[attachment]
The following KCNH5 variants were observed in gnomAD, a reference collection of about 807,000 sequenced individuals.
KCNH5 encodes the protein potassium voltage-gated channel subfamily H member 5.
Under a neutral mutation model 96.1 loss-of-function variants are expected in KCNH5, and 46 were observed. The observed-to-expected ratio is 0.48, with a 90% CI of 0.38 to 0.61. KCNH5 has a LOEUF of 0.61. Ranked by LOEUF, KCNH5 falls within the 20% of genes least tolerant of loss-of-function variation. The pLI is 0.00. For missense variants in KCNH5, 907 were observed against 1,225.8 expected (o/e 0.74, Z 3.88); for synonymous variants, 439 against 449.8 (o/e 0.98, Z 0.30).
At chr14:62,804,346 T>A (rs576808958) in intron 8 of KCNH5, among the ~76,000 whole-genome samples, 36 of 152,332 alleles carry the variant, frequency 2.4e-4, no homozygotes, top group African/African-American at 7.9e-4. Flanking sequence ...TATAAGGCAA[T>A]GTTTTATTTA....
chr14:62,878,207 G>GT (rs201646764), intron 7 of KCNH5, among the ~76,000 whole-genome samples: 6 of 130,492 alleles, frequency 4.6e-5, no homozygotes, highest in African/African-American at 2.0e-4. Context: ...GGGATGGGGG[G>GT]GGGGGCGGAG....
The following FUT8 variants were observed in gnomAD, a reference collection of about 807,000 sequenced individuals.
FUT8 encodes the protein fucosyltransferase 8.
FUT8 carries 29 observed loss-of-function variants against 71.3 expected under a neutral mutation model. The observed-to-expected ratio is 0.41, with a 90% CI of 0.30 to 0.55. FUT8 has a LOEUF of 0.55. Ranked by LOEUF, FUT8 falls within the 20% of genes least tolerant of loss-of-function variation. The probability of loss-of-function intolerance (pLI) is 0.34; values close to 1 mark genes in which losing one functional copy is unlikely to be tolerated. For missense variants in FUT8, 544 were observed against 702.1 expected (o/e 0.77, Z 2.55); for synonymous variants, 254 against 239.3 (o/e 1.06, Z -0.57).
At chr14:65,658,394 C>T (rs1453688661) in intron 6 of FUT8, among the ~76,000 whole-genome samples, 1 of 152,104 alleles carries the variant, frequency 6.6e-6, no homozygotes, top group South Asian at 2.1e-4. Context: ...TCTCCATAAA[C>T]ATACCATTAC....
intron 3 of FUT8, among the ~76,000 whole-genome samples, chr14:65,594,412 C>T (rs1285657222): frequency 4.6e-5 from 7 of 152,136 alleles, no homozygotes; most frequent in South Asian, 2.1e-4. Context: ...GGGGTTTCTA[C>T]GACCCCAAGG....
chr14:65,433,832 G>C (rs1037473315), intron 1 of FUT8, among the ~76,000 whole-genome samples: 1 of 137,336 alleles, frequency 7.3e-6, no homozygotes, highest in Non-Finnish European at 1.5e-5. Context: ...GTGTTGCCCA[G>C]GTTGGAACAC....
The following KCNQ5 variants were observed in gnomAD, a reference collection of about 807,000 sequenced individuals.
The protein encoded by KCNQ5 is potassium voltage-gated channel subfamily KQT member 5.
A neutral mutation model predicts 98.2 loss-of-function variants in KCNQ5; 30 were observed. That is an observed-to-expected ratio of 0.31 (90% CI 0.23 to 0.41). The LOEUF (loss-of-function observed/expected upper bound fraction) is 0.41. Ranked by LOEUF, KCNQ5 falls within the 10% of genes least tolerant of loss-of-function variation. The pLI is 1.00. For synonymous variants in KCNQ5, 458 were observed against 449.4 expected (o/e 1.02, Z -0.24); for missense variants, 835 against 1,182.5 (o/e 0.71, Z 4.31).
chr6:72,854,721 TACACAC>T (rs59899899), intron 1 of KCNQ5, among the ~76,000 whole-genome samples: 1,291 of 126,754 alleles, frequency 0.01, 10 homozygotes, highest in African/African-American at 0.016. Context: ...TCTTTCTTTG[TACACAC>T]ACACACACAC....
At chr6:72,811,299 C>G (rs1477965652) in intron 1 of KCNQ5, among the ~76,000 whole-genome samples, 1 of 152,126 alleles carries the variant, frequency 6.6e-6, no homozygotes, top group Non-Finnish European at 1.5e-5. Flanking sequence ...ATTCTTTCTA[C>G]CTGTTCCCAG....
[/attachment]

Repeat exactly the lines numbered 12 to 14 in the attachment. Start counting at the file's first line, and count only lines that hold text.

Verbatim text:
The following KCNQ5 variants were observed in gnomAD, a reference collection of about 807,000 sequenced individuals.
The protein encoded by KCNQ5 is potassium voltage-gated channel subfamily KQT member 5.
A neutral mutation model predicts 98.2 loss-of-function variants in KCNQ5; 30 were observed. That is an observed-to-expected ratio of 0.31 (90% CI 0.23 to 0.41). The LOEUF (loss-of-function observed/expected upper bound fraction) is 0.41. Ranked by LOEUF, KCNQ5 falls within the 10% of genes least tolerant of loss-of-function variation. The pLI is 1.00. For synonymous variants in KCNQ5, 458 were observed against 449.4 expected (o/e 1.02, Z -0.24); for missense variants, 835 against 1,182.5 (o/e 0.71, Z 4.31).